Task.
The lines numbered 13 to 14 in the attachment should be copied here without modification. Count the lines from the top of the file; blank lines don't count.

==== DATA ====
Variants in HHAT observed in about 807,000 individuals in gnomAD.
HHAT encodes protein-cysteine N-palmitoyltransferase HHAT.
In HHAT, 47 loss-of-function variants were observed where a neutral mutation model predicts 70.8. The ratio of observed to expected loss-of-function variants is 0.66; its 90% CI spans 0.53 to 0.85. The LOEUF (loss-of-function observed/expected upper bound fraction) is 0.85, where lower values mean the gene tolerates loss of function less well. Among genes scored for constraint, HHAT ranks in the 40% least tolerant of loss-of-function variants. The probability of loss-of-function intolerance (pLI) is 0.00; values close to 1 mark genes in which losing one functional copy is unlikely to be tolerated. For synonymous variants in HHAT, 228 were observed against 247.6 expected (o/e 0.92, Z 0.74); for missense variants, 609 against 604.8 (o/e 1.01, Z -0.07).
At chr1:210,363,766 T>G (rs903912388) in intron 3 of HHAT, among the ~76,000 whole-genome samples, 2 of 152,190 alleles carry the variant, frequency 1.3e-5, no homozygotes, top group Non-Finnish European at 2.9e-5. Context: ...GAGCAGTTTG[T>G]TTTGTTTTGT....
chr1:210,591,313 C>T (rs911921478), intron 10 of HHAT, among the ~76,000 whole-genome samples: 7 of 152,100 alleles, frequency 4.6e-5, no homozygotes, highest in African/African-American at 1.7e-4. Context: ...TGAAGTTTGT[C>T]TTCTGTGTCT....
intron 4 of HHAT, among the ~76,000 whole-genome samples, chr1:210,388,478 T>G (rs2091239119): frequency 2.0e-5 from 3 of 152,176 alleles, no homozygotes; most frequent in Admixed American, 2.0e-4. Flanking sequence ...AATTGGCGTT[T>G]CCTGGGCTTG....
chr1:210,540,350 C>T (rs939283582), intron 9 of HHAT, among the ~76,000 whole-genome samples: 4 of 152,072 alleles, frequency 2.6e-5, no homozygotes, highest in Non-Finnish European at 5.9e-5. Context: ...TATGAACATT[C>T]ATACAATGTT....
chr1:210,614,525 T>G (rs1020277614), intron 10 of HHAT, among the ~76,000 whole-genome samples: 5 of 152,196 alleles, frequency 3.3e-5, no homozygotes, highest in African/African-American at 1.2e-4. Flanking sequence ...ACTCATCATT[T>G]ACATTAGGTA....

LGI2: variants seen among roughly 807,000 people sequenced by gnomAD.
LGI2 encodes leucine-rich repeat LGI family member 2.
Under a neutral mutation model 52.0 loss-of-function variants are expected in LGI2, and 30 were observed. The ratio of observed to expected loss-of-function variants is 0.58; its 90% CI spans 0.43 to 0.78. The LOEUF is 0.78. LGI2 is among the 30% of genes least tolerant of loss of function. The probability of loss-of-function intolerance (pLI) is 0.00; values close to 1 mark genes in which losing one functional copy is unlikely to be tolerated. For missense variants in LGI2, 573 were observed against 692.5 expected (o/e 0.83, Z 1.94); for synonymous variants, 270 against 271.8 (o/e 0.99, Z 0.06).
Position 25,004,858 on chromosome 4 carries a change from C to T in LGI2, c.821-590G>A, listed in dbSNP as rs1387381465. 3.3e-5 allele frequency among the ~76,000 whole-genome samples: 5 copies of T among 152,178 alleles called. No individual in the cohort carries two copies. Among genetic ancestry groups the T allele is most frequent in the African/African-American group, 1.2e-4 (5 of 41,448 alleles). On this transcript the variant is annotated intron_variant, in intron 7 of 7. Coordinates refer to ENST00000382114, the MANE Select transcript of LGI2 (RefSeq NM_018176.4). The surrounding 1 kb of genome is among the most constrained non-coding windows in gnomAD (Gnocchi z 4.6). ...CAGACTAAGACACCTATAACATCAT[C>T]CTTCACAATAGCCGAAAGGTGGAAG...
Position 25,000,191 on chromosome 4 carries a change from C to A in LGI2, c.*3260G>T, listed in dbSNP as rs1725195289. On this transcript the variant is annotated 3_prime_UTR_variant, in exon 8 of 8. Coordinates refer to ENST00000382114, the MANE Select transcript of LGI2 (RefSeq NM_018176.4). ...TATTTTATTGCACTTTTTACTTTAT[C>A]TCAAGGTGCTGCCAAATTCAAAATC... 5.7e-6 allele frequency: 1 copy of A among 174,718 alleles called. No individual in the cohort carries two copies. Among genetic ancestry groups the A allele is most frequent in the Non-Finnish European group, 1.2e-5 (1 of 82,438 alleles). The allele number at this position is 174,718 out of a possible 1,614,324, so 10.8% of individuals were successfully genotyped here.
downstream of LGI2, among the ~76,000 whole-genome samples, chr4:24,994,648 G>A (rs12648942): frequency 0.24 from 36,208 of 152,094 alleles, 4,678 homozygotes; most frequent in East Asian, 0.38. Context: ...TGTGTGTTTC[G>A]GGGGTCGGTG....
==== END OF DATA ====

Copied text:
Position 25,000,191 on chromosome 4 carries a change from C to A in LGI2, c.*3260G>T, listed in dbSNP as rs1725195289. On this transcript the variant is annotated 3_prime_UTR_variant, in exon 8 of 8. Coordinates refer to ENST00000382114, the MANE Select transcript of LGI2 (RefSeq NM_018176.4). ...TATTTTATTGCACTTTTTACTTTAT[C>A]TCAAGGTGCTGCCAAATTCAAAATC... 5.7e-6 allele frequency: 1 copy of A among 174,718 alleles called. No individual in the cohort carries two copies. Among genetic ancestry groups the A allele is most frequent in the Non-Finnish European group, 1.2e-5 (1 of 82,438 alleles). The allele number at this position is 174,718 out of a possible 1,614,324, so 10.8% of individuals were successfully genotyped here.
downstream of LGI2, among the ~76,000 whole-genome samples, chr4:24,994,648 G>A (rs12648942): frequency 0.24 from 36,208 of 152,094 alleles, 4,678 homozygotes; most frequent in East Asian, 0.38. Context: ...TGTGTGTTTC[G>A]GGGGTCGGTG....